Ever been told you’re too young to understand something? Or too old to get a meme, perhaps? We’ve probably all been judged based on our age at some point in our lives, and — chances are — we will be judged again.
Age discrimination is an equity, diversity and inclusion issue that is talked about much less than other forms of bias, but it’s nevertheless important. In fact, according to a 2021 report, age discrimination is the most commonly reported form of workplace discrimination.
Although you might wish otherwise, most of us spend a significant portion of our lives working, so it’s in everyone’s interest to think about how age discrimination affects us and our colleagues, too.
What is age discrimination?
Age discrimination is when someone is unfairly disadvantaged because of their age in a way that cannot be objectively justified. It’s a form of prejudice where people make judgements on others based on preconceived notions and opinions — rather than on fact.
In the UK, age discrimination has been illegal since 2006, something which was further codified in the Equality Act 2010. It’s a big problem in current workforces, where people are retiring later and later. The UK’s population is changing: already, there are more 60-year-olds than 19-year-olds. By 2050, one in four people will be over 65. This creates the potential for age discrimination to start hugely impacting people’s careers.
Not only that, but age discrimination can limit advancement opportunities, reduce a person’s earning potential, and even lead to premature job loss. It can also stop someone from being hired for the right job, even if they make a great candidate.
You might ask: What even causes age discrimination? Why does it happen? Well, it’s usually a kind of unconscious bias. Unconscious, or implicit, bias is where we make judgements on other people based on our internalised stereotypes, often without even knowing we’re doing it. It can be tricky to unlearn this behaviour, but thankfully it’s not impossible.
Who does age discrimination affect?
Age discrimination can affect anyone, regardless of age. However, it has the most significant impact on older workers. Not only does it impact older workers’ financial stability, but it can also cause emotional and mental distress. Many older workers feel like they are being pushed out of their jobs or denied opportunities for advancement simply because of their age. According to this 2023 study, 60% of older employees have experienced workplace age discrimination, with 90-95% of those saying it is common. This can lead to feelings of worthlessness, depression, and anxiety.
However, age discrimination in the workplace isn’t just a problem for older employees. It also affects young workers, who are often overlooked or undervalued due to their perceived lack of experience. Younger workers might be infantilised or patronised by older colleagues. This can result in feelings of frustration and demotivation, which can ultimately harm both the individual and the company they work for.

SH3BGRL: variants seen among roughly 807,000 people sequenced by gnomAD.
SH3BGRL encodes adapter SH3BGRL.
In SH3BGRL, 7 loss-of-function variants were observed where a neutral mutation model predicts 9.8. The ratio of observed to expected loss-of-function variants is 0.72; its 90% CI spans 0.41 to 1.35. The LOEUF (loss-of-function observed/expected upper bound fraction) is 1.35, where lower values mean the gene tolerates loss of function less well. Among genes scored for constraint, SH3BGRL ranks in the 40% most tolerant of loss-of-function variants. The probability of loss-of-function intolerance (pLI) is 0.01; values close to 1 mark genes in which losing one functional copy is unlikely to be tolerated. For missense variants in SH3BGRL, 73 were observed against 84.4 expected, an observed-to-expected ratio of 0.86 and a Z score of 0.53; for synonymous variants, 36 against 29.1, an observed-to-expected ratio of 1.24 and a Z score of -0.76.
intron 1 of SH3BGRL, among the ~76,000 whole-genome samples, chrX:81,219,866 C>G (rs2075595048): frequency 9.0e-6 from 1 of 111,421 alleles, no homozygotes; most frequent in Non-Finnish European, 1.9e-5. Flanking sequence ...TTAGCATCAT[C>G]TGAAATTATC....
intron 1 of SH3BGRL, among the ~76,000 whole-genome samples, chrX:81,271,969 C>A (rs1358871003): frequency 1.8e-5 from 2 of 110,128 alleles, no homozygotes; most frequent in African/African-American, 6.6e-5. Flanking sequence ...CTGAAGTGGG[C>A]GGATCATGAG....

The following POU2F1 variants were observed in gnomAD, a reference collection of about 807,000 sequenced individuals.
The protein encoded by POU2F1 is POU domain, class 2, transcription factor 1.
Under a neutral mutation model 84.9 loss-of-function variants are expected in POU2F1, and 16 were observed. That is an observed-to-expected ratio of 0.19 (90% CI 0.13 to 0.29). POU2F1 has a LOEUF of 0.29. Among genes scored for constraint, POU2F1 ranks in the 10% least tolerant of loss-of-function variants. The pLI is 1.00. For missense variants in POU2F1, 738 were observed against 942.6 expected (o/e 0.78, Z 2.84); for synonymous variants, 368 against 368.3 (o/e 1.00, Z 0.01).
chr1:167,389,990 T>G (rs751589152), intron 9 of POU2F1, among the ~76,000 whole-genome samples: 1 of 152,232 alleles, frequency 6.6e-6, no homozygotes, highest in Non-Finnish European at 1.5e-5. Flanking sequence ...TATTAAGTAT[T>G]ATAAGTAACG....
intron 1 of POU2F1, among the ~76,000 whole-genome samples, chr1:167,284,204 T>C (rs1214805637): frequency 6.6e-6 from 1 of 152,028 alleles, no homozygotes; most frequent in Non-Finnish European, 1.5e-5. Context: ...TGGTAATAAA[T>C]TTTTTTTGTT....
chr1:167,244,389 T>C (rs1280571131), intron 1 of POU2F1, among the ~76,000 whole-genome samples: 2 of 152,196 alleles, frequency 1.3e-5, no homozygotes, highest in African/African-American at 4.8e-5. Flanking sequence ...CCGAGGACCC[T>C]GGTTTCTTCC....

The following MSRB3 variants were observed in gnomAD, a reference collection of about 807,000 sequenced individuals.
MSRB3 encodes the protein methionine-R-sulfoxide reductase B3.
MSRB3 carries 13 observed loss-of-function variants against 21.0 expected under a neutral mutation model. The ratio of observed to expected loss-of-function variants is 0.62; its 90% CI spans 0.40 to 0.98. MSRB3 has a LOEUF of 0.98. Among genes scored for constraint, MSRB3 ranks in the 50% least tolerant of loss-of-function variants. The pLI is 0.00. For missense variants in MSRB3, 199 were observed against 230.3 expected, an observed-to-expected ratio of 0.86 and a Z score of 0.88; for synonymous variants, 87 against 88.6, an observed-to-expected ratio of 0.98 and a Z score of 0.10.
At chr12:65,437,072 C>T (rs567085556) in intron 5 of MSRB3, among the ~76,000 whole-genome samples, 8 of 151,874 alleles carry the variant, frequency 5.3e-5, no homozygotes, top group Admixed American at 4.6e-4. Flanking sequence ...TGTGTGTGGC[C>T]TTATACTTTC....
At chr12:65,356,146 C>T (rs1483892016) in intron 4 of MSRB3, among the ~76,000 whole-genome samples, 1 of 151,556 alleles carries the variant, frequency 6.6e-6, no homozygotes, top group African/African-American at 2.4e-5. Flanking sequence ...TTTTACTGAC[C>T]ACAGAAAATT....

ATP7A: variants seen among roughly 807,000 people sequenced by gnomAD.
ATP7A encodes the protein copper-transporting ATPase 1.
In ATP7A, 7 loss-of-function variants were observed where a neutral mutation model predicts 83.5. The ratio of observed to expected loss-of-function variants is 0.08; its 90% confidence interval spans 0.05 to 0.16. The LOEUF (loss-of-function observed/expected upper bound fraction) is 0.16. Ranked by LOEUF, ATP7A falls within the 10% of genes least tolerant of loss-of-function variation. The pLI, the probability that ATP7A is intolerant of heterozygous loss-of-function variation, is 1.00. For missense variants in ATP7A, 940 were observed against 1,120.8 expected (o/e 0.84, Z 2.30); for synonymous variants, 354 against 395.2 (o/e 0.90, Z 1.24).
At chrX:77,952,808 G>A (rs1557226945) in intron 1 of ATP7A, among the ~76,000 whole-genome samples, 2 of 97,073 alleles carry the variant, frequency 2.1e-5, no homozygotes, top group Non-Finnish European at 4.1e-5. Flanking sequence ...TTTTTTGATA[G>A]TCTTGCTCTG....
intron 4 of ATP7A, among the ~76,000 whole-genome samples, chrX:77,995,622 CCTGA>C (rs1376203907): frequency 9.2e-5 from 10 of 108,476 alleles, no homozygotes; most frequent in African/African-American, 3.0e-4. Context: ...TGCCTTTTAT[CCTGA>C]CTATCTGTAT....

So, what impact does this have on the workplace as a whole? Well, when workers see their colleagues being discriminated against, it sets a poor example and reinforces negative stereotypes. This can create a toxic work environment where ageism is normalised and perpetuated. Companies must recognise that age discrimination affects all employees, regardless of their age, and take steps to address it at all levels of the organisation.
But the impact of age discrimination goes beyond individual employees; it also harms society by depriving us of the knowledge and experience that older workers have to offer. It's time for employers to recognise the value of older workers and create inclusive workplaces where everyone has an equal opportunity to succeed.
What impact does age discrimination have on a company?
Age discrimination can hurt workplace culture. It can create a sense of division and mistrust among employees, leading to decreased morale and productivity. It can also contribute to a lack of diversity and inclusion in the workplace, as older workers are often overlooked in favour of younger, less experienced candidates.
It can also damage working relationships, even resulting in legal consequences. In British law, age is a protected characteristic, which means employers cannot discriminate against older workers in hiring, firing, promotion, or other employment decisions.
Despite these legal protections, age discrimination remains a common problem in the workplace, since implicit bias can be difficult to spot. Many older workers are reluctant to report discrimination for fear of retaliation or other negative consequences. This can make it difficult to hold employers accountable for their actions.
What you can do about age discrimination in the workplace
Several steps can be taken to address age discrimination in the workplace:
- First and foremost, employers must proactively create a culture of inclusion and diversity. This means valuing the contributions of all employees, regardless of their age or other demographic characteristics.
- Employers can also ensure that their hiring and promotion processes are fair and unbiased. This may involve implementing blind hiring practices or using objective criteria to evaluate candidates.
- Finally, if comfortable doing so, employees should speak out against age discrimination when they see it. This can involve reporting incidents of discrimination to HR or other relevant authorities, or simply speaking up when they witness unfair treatment.
In conclusion, age discrimination is a serious problem that affects many workers in today's workplace. By taking proactive steps to address this issue, employers can create a more inclusive and diverse workplace that values the contributions of all employees, regardless of their age.